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2014 ROUTE: Longer, Higher & Tougher!

Posted by on 16/12/2013

The fundamental principle for all the Dakar’s competitors to bear in mind is going the distance. And this year, the philosophy of extreme endurance will be particularly respected and developed with a total distance in the special stages which has not been covered for almost ten years. Every kind of driving will required to complete almost 5,000 kilometres: the variety of terrains will sometimes be an advantage for outsiders.

David Castera, Sports Director of the Dakar: “We know that cumulative fatigue is one of the most complex elements to master on the Dakar. With an average of 50 additional kilometres to cover each day compared to last year, we have increased the degree of difficulty by one or two levels: this extra distance will affect everyone! For motorcycle and quad bikes, there will also be two marathon stages, which will oblige their riders to pace themselves and take good care of their vehicles. This is the essence of off-road races.”

Sunday 5th January

Stage 1: Rosario – San Luis. Liaison sections: 629 km and Special stage: 180 km

Establishing their position:

The competitors will wake up early to set off along the road in the region of Cordoba and start the race on some narrow tracks which will require the utmost vigilance. Each one will still be very fresh allowing them to tackle the stony sections or the blind jumps serenely. The competitors’ driving skills will be rewarded at the finish, where they will have already clocked up 800 kilometres. Although the gaps will not be significant at this stage of the race, it is nevertheless important to maintain their position in the part of the standings that they are aiming for!

Monday 6th January

Stage 2: San Luis – San Rafael. Liaison sections: 365 km and Special stage: 359 km

Grey dunes go hand in hand with surprises!

The fastest special stage of the rally, at least for its first part, will also be the one where drivers will have to face the first dunes. And it won’t just be a brief encounter with sand: in the last 100 kilometres, the exploration of the grey dunes of Nihuil will be even more intensive than during previous visits. The sand is more firm there, but the experience will provide a great deal of insight about each of the competitors’ technical skills. In short it will be a veritable test.

Tuesday 7th January

Stage 3: San Rafael – San Juan. Liaison sections: 292 km and Special stage: 373 km

The Aconcagua as a landmark:

The competitors of the 2014 Dakar will experience their first taste of the mountains by passing through the Pre-Andes. The Aconcagua Volcano stands 6,962m high and will observe the progress of the vehicles, of which a part will rehearse their high mountain driving techniques. The motorcyclists will climb up 4,300 metres during their special stage, on a ridgeline where they will have the impression of towering over the whole of America! The descent will bring them back to the tough reality of the drivers of the Dakar, as they will only have finished the first part of this marathon stage. They will have to ensure the mechanics for their own vehicles at the isolated bivouac which has been set up for them.

Wednesday 8th January

Stage 4: San Juan – Chilecito. Liaison sections: 210 km and Special stage: 353 km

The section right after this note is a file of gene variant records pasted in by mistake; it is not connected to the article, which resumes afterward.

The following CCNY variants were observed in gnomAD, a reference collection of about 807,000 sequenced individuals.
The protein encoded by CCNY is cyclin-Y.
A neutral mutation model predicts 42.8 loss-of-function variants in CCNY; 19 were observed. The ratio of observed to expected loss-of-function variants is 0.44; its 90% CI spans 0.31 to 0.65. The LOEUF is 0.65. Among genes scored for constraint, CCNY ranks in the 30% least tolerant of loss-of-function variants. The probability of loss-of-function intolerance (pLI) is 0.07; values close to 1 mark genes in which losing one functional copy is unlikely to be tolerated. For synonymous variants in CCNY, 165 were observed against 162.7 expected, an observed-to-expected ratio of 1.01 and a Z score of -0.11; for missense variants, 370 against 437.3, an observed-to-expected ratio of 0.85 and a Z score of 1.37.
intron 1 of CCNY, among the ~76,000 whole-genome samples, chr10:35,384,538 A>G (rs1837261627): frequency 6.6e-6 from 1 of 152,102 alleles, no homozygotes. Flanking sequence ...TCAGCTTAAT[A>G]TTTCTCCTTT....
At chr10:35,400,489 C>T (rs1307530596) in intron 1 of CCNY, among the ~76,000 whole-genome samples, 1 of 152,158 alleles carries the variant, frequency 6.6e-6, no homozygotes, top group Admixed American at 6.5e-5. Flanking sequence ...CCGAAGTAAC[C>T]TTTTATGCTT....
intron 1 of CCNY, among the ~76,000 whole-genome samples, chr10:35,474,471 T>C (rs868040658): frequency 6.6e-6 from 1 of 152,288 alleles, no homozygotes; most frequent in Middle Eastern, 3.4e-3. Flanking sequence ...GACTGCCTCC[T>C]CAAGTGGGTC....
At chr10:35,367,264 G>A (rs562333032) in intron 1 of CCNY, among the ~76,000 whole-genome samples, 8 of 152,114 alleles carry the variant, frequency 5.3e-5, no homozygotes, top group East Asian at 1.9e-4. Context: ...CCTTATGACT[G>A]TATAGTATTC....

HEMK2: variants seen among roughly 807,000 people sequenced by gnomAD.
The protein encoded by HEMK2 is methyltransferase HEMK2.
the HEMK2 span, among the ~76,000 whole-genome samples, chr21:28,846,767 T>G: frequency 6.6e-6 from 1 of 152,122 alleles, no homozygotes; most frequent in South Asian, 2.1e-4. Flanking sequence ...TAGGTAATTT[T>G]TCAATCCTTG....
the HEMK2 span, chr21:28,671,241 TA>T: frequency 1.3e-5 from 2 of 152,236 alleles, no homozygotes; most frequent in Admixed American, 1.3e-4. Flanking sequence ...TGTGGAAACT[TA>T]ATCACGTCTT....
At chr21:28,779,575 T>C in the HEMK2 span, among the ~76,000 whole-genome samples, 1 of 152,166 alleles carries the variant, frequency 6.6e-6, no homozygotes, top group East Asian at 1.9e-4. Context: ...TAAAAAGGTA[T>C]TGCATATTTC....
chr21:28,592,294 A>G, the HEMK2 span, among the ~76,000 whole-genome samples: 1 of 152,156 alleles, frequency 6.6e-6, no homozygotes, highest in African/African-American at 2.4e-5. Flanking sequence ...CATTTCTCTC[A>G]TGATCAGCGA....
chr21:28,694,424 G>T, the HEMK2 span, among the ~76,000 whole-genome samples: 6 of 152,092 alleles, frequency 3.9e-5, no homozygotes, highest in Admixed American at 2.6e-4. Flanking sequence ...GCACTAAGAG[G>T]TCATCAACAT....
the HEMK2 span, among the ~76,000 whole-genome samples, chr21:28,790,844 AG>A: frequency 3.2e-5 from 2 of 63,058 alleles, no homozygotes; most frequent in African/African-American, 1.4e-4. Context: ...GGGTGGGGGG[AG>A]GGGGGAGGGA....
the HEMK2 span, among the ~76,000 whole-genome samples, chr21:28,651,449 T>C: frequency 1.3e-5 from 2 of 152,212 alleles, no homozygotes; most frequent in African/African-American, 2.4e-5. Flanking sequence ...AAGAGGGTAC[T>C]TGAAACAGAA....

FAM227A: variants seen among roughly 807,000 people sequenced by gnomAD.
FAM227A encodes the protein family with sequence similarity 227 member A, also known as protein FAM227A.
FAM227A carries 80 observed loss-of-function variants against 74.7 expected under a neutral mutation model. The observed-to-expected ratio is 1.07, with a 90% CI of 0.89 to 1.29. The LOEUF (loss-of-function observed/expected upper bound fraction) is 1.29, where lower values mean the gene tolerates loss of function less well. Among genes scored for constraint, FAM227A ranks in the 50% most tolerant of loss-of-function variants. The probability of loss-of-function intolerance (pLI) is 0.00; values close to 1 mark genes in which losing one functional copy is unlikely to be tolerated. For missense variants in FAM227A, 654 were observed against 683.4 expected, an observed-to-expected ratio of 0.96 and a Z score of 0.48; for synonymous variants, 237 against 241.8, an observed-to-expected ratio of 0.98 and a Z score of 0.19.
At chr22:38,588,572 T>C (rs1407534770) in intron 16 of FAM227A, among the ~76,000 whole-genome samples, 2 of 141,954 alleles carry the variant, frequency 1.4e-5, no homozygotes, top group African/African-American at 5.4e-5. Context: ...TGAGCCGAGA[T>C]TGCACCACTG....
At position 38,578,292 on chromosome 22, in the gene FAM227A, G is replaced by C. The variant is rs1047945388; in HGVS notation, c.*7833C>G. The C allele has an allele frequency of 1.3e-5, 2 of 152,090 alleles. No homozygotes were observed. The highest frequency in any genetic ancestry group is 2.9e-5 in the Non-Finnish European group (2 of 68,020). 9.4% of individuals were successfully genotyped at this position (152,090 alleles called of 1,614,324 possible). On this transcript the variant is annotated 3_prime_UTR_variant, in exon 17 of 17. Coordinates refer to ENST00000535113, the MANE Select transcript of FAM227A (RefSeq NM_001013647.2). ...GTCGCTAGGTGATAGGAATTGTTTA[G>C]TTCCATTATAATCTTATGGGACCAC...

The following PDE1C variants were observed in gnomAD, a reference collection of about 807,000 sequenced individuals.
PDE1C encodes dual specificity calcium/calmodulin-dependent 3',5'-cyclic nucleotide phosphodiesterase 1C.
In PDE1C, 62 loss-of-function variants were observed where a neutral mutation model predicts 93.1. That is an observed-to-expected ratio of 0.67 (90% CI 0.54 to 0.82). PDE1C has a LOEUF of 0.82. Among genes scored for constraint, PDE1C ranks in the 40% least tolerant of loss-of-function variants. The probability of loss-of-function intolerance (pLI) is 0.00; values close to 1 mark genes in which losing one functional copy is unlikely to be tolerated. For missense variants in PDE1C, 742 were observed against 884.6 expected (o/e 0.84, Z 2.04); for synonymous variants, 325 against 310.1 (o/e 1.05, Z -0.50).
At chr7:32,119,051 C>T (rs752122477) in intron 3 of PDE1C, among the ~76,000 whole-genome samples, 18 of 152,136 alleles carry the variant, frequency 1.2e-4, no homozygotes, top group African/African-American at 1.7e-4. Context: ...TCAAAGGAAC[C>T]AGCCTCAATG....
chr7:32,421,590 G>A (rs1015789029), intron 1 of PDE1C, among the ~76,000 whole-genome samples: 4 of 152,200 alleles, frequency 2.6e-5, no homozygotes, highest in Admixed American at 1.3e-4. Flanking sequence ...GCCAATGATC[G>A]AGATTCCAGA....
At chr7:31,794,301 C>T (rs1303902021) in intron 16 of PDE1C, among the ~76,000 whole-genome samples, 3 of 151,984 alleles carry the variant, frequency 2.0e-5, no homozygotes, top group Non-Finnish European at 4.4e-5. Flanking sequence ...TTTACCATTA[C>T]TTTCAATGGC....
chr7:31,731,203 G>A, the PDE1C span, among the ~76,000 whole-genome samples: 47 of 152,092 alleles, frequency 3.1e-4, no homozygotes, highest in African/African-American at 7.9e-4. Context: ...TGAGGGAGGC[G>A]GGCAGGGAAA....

Mountains and countryside:

The strategy of the motorcyclists will come into play: initially their navigational skills will be seriously tested at the beginning of the morning, and then they will be faced with the problem of worn tyres, as they have already been over-used the day before. As for the drivers of cars, they will have an even more demanding route to tackle in the countryside. The Dakar’s competitors haven’t faced a special stage this long since the historical one from Zouerat to Tichit in 2005! They will have to cross rivers, descend the canyons in a Wild West setting and beware of the other participants: as these terrains are often wide open, it will be entirely possible to overtake fellow competitors.

Thursday 9th January

Stage 5: Chilecito – Tucuman. Liaison sections: 384 km and Special stage: 527 km

A sleepless night in Tucuman!

After two race days with completely separate routes, everyone will gather together to tackle the longest stage of the rally. They will need to be extremely resistant to overcome these two sections of the special stage which will primarily feature sand. All day long the competitors will make headway on off-piste sections: those who have poorly assessed the limits of their engine will constantly be on the verge of overheating and all the more so, as the region’s temperatures are generally very high. At the bivouac in Tucuman, the candidates for the podium will have been whittled down to a select few, as many of them will no longer be a part of this elite group. For many others, their timing and mechanical mishaps will only become apparent in the middle of the night.

Friday 10th January

Stage 6: Tucuman – Salta. Liaison sections: 64 km and Special stage: 400 km

The quest for the best time

Once they have left Tucuman, the cars will head north and drive along part of the renowned Ruta 40, and continue on in the heart of one of Argentina’s most beautiful landscapes. The possibilities to widen the gap will be limited but the most skilled drivers may be able to seize the opportunity of adding a stage to their list of wins. A new trip to the mountains will take motorcyclists to the banks of the rivers. They will have to remain vigilant until the very end of the stage as the region is frequented to a great extent by animals of all sizes. Then they will finally be able to rest.

Saturday 11th January

Rest day: Salta